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Vatukoula Gold Mines – Down but far from out

By Tom Winnifrith | Wednesday 26 September 2012


Disclosure: I have no positions in any stocks mentioned, and no plans to initiate any positions within the next 72 hours. I wrote this article myself, and it expresses my own opinions. I am not receiving compensation for it (other than from ShareProphets). I have no business relationship with any company whose stock is mentioned in this article.


AIM listed Vatukoula Gold Mines (VGM) is not a tip that has covered me in glory. Yet. I tipped it at 46.5p in November 2008 and although it zoomed ahead thereafter, the shares now trade at 41p valuing it at £40 million.  All gold juniors have taken a hammering in the past 18 months but Vatukoula has also failed to hit production targets and so has taken a stock specific hammering as well. But it has cash, is profitable and the current valuation is just crazy.  This is a stock that could well double within a year and still be cheap. And this is why.

The underground Vatukoula mine in Fiji has been producing for years and it has an enormous resource which means that it can carry on producing for years. Its two problems are that the grade can be very variable and so monthly gold production numbers can swing wildly on the same tonnage and that it is high cost. At 70,000 oz per annum the all in cost of running this mine (including exploration drilling) is c$1200. At 90,000 oz that falls to $1000 oz. If it can build a dedicated sugar waste to power plant as it plans to do that could knock $200 oz off its costs. Chatting to CEO Dave Paxton today (before my signal was cut off by tunnel after tunnel) I understand that this plan is now almost ready to go and that the power station will be built by a Special Purpose Vehicle (SPV) and so will not require Vatukoula’s shareholders to pony up anything.

Following a number of placings, most recently with a Chinese group Vatukoula has net cash of c£6 million.

The year end is August 31st and having targeted 65,000 oz at the start of the year Vatukoula has again missed and will deliver 50,000 oz for 2012. But this year, higher recovery rates, new higher grade ore bodies being tackled and the opening up of new shafts will push output to 70,000 oz. Next year the company is targeting 90,000 oz and that is easily sustainable – indeed if it has a run of higher grade months it can top that easily.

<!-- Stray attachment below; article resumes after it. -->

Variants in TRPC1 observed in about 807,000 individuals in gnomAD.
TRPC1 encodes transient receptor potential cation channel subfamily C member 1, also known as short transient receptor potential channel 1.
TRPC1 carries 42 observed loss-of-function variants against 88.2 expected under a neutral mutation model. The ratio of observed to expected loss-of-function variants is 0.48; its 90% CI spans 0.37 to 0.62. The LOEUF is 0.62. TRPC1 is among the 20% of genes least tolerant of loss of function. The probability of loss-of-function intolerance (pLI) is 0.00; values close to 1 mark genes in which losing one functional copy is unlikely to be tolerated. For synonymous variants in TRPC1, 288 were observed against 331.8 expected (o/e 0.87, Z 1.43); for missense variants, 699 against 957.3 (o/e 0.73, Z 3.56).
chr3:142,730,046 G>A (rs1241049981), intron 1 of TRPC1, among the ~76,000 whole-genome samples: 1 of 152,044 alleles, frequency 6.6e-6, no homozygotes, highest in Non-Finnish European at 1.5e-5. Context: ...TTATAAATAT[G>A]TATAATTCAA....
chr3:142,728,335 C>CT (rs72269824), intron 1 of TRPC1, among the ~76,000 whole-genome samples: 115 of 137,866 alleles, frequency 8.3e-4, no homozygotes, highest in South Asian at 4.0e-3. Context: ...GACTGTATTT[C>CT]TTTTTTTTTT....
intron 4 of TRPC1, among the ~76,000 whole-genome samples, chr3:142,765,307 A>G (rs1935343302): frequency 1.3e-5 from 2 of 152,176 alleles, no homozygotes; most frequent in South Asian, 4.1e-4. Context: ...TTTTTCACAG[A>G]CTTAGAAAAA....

So what cashflow will Vatukoula throw off? I outline a number of scenarios below (the numbers are in million US Dollars)

70,000 Output Gold Price $1200 Gold Price $1500 Gold Price
$1700
Gold Price
$1850
Gold Price $2000 Gold Price
$2500
Cost $1200 $0 $21 $35 $45.5 $56 $91
Cost $1000 $14 $35 $49 $59.5 $70 $133

 

 

90,000 Output Gold Price $1200 Gold Price $1500 Gold Price
$1700
Gold Price
$1850
Gold Price $2000 Gold Price
$2500
Cost $1000 $18 $45 $63 $76.5 $90 $135
Cost $800 $36 $63 $81 $94.5 $108 $153

 

It is not possible that in the current year the new power plant will be built so the free cashflow generated in the year to August 31st 2013 will be based on a cost base of  $1200 oz and the cashflow generated is purely a function of the gold price. Right now gold is at $1748 oz. I cannot see it collapsing, indeed the risks have to be on the upside.  But even at $1500 gold the mine chucks of $21 million (call it £13 million) of cash. At $1700 that becomes $35 million (call it £22 million).

Going forward – take your pick. At some stage you must hope that cash costs come down to $800 but I accept that this alternative power scheme has been talked about for ages. Even at $1000 an oz for a company currently capitalised at £40 million ($66 million) the cashflow multiples are derisory. I’d expect Vatukoula to be trading on a cashflow multiple of at least 3. Even at $1700 gold that implies that the share price should – at least – treble within a year. If Vatukoula delivers on its targets this stock is very cheap indeed.


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